• The gears work in perfect harmony to keep the machine running smoothly. (Describes the function of parts in a system)
  • The artist likes to work in bold colors and geometric shapes. (Describes their preferred artistic medium)
  • They’re working in a new strategy to increase customer engagement. (Describes being engaged in developing something)
  • Let’s work in a coffee break after this meeting. (Suggests incorporating something into a plan)
  • The historian works in the field of medieval European politics. (Defines someone’s area of expertise)
  • The key works in the lock with a satisfying click. (Describes the function of an object)

Work at or work for?  

When a person states the name of their employer without disclosing the physical location of the company, both “work for” and “work at” are correct.

Work at or work with

For example:

  • I work at Amazon/I work for amazon.
  • I work at a school/I work for a school.
  • I work at the deli/I work for the deli.
  • I work at the White House/ I work for the White House.
  • I work at the museum/I work for the museum.

Here are some more examples with the phrase “Work with”: 

  • I work with a great team of designers on creative projects. (Collaborate with colleagues)
  • This medication can work with other treatments to improve your health outcomes. (Function in conjunction with something else)
  • She works with at-risk youth, providing them with guidance and support. (Serve or interact with a specific group)
  • We need to work with a tight deadline to complete this project on time. (Operate under time constraints)
  • The software is designed to work with all major file formats. (Be compatible with various systems)
  • The engineer is working with a prototype for a new invention. (Develop or refine something)
  • He works with a lot of patience when dealing with difficult clients. (Demonstrate a specific quality while interacting)
  • Can you work with a slightly lower budget for this project? (Be flexible or adaptable regarding something)
  • They worked with limited resources but still managed to achieve their goals. (Function effectively despite limitations)
  • I work with wood to create intricate sculptures. (Use a specific material in your work)

Work at or work with?  

The main confusion is about working in or working at. But there is also confusion about work at and work with. Working at a place is a lot more definite than working with a company. Work with does not indicate the employment status but “work at” does. When a person says, “I work with Walmart,” that does not mean that you are an employee of Walmart. Whereas “I work at Google” is a statement that clearly indicates that you are an employee at Walmart.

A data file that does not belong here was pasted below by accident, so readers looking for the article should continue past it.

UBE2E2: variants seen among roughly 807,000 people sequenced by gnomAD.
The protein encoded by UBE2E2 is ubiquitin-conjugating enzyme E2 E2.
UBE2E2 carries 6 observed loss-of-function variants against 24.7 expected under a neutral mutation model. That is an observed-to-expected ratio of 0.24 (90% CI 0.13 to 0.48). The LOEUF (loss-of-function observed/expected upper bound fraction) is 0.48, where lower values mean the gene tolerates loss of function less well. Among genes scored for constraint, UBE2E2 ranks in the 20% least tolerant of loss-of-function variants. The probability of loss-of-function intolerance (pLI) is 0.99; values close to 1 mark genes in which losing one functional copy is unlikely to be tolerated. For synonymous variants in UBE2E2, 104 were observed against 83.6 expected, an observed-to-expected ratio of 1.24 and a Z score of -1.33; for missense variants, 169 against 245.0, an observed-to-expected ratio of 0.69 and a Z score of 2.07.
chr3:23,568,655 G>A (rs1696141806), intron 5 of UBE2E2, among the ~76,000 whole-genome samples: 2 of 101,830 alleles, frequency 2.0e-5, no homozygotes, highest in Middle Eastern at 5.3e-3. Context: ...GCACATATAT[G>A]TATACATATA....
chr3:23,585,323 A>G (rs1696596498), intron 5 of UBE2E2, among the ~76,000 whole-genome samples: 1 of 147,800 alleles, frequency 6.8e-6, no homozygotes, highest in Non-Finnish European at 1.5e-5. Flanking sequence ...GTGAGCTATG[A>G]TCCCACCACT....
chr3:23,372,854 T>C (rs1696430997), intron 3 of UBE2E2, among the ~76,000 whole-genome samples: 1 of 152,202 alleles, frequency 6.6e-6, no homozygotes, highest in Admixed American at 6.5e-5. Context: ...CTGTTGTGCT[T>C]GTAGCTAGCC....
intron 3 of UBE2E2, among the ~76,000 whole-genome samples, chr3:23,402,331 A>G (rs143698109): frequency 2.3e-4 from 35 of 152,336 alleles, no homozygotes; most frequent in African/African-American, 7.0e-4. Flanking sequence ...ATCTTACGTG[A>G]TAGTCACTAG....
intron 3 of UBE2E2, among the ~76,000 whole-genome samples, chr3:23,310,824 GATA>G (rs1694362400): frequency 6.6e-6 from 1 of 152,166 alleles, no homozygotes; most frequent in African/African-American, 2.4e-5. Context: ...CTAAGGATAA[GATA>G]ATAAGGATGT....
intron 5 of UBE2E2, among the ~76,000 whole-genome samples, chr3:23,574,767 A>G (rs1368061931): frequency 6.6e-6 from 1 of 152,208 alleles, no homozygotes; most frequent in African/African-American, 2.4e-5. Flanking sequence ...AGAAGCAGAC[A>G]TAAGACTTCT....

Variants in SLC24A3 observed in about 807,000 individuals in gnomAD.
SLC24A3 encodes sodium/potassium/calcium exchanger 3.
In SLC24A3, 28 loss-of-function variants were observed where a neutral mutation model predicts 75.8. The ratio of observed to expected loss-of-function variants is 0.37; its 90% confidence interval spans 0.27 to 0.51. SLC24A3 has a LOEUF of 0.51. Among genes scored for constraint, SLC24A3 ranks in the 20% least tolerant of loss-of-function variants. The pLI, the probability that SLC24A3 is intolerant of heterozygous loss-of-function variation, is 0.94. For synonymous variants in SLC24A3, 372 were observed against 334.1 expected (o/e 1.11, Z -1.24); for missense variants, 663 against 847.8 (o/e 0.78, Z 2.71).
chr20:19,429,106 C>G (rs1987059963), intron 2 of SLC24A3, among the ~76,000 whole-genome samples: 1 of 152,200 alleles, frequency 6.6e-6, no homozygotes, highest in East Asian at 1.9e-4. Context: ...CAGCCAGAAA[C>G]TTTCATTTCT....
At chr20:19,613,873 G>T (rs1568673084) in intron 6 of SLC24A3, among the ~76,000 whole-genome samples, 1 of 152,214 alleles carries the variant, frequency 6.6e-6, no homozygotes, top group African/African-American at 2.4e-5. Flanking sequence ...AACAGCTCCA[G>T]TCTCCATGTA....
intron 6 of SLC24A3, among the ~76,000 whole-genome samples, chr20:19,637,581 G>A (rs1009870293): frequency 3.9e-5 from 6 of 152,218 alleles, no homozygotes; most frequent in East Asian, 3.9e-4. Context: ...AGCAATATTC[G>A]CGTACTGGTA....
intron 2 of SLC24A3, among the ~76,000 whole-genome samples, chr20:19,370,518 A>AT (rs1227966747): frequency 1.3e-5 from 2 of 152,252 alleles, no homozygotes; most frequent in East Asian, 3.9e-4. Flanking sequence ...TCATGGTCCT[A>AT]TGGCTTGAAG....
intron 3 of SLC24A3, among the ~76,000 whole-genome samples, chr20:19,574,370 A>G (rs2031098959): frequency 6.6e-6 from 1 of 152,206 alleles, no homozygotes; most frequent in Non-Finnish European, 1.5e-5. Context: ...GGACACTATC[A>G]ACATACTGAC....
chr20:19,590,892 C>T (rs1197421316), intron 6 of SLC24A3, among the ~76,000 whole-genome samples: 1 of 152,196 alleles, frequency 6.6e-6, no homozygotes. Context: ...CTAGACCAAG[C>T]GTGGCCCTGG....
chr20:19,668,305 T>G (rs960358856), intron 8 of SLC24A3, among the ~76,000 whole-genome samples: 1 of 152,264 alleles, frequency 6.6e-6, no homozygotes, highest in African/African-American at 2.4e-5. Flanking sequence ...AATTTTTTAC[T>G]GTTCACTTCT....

Work at or work with

Both statements do not have any similar meaning, so it is best not to use them for one another.

Here are a few more examples of “work at.”  

  • I work at the Smith house.
  • I worked at that school previously.
  • Monica works at the music school.
  • You will work at the event tomorrow.
  • Josh is working at getting a promotion.
  • I am working at getting the bread softer.
  • I am working at being a better mom.

Here are some examples of sentences using “Work with”

  • He does a lot of work with charities on his free time.
  • I work with my local animal shelter to rescue and foster stray cats and dogs.
  • Rachel is currently working with that company on a freelance basis.
  • Janet and Alex is working with Luke on the same project.

Other Prepositions that go with “Work”

Now that you know when to use “working in” and when to use “working at”, you should also check out the following preposition that can be used with the verb “work”: 

Work as

The phrase “work as” is used when one is talking about their occupation or their job position or title. This phrase is usually used while answering the question “what work do you do?” or “what is your job title?” Here are some examples:

  • Tim has been working as a waiter for the past one year.
  • My friend is working as a part-time receptionist at a dentist’s clinic downtown.
  • I am currently working as an accountant at a big MNC.
  • After graduation, Brian started working as an animation artist.
  • Work on

The phrase “work on” is used when a person is talking about working on a project or task. It is used while answering the question “what are you working on?” Here are some examples:

  • My team has been working on this project for the past 6 months.
  • Alex is working on making a presentation for a client meeting.
  • Sheena is working on completing her school assignment which is due tomorrow.
  • I get bored when I have to work on repetitive tasks.

“Working In” or “Working At” Exercises

By now you must have understood the meaning of the phrase “working in” and “working at” and when to use these phrases. The best way to know whether you have clearly understood a concept or not is to test yourself. So here are some exercises on “Working in” and “Working at” – 

  • Brian’s sister ___ a university as a teacher’s assistant.
  • I ___ the accounting department at my company.
  • She ___ a cafe at weekends for some extra cash.
  • Alex ____ Google for five years and then moved to Microsoft.

Wrapping up!  

Prepositional verbs are a lot similar to propositional phrases. But there is a basic difference in that the preposition comes after the verb, and the object is always followed by a preposition. I hope this article helps in guiding you through the confusion and make this better for understanding and clearing your confusion about working in or working at.